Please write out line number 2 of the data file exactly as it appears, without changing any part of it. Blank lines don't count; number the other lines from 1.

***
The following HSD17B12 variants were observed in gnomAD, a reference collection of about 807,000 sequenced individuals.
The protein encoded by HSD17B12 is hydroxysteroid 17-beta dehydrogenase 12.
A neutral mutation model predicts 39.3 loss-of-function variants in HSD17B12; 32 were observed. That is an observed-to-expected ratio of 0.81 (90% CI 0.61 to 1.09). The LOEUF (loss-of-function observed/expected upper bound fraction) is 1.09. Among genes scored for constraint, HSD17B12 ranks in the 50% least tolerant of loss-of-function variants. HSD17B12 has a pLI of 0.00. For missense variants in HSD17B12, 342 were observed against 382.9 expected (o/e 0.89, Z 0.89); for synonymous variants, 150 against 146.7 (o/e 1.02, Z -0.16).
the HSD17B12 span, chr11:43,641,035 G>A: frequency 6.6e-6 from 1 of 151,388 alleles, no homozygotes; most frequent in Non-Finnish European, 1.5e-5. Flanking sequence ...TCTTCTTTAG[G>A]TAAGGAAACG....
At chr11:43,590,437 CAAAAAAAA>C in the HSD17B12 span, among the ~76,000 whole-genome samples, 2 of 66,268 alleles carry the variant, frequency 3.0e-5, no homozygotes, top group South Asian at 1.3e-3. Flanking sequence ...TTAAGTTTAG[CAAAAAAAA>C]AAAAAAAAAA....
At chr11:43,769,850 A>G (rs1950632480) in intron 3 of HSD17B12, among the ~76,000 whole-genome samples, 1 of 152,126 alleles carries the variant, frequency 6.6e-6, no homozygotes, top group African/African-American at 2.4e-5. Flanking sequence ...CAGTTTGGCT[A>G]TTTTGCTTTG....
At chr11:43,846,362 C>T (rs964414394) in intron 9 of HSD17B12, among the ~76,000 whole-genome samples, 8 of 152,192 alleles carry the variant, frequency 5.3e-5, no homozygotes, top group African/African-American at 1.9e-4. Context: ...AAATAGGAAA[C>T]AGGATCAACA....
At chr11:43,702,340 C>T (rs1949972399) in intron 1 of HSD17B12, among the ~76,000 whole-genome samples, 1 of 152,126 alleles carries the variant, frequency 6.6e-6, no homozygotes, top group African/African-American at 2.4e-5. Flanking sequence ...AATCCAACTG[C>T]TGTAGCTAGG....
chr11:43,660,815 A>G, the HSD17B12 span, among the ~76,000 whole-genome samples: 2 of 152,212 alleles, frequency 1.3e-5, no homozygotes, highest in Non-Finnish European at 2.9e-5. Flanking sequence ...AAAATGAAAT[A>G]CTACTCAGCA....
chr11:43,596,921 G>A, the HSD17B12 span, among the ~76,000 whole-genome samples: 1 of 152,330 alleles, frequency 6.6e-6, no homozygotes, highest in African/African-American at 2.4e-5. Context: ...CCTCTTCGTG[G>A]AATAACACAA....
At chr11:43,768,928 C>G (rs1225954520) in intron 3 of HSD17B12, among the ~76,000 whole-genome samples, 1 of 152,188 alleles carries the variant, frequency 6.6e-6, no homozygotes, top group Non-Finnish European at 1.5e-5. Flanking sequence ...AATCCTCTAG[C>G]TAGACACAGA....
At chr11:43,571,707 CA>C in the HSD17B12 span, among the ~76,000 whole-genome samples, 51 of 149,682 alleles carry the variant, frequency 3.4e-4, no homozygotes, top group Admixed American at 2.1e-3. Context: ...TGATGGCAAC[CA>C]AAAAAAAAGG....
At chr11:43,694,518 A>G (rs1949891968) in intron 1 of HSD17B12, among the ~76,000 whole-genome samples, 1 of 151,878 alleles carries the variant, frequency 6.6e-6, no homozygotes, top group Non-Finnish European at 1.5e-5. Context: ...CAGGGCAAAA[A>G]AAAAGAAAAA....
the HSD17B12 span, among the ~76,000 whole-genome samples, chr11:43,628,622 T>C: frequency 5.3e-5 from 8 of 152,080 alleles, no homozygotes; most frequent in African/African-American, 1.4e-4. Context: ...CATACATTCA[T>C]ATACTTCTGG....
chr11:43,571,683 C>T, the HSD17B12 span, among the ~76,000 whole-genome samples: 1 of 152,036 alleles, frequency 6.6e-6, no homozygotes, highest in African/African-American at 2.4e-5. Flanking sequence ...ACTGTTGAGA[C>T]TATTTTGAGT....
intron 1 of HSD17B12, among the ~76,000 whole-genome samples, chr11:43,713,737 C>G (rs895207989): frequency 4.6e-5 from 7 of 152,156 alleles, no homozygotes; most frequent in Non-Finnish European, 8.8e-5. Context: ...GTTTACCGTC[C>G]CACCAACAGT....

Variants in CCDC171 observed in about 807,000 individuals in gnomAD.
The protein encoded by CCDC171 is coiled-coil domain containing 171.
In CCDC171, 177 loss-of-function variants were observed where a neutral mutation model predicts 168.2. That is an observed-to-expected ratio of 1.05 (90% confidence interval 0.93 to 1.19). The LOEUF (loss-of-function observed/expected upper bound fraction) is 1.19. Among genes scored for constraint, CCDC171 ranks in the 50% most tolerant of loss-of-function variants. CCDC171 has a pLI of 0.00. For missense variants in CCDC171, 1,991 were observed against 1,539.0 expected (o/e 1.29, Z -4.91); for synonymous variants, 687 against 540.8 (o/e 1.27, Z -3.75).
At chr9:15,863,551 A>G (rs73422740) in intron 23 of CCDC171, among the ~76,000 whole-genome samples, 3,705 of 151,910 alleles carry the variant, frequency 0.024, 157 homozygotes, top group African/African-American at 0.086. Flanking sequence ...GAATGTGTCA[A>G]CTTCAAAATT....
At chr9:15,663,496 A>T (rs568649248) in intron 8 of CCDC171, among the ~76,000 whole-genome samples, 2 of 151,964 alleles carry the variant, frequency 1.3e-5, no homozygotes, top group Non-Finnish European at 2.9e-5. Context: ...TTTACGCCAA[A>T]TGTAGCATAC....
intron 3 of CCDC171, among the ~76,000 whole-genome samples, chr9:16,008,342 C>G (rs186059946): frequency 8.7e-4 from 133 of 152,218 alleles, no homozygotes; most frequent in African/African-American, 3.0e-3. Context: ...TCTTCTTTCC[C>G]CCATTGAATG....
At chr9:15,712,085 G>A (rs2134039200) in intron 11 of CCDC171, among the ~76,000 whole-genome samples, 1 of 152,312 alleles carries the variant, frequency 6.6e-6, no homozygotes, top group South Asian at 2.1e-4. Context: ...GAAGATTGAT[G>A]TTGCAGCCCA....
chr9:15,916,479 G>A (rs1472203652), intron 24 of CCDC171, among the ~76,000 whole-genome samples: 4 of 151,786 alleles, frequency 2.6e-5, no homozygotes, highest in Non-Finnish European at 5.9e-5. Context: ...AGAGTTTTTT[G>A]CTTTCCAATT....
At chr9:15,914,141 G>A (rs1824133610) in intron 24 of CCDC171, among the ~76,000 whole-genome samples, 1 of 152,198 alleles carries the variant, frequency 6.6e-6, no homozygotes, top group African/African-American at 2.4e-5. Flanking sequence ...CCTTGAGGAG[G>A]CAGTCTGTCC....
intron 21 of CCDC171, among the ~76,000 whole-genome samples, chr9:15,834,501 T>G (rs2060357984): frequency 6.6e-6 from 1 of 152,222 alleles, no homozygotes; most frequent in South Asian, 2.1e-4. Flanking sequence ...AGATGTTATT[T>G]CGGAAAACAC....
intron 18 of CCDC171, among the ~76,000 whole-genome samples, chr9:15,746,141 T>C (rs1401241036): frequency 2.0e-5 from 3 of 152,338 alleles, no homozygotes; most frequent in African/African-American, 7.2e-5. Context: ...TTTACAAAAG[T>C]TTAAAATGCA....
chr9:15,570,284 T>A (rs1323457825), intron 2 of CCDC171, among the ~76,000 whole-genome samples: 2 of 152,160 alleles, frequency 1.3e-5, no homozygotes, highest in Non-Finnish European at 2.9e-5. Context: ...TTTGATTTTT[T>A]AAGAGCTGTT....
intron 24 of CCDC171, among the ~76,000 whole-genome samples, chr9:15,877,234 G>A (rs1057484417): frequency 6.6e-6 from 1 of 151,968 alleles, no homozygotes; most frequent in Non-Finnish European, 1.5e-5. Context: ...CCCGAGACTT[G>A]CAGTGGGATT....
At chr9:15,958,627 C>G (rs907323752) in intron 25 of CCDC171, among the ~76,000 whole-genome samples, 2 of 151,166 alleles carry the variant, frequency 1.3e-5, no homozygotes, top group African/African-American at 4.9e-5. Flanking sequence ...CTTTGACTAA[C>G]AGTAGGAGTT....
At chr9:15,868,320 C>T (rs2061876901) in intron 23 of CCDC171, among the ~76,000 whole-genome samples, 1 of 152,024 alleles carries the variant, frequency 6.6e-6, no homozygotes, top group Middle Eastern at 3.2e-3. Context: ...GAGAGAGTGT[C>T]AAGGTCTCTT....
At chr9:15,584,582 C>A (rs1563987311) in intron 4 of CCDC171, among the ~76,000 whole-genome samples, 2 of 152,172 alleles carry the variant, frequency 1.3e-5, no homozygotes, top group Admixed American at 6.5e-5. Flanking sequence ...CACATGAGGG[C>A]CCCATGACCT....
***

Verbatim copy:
The protein encoded by HSD17B12 is hydroxysteroid 17-beta dehydrogenase 12.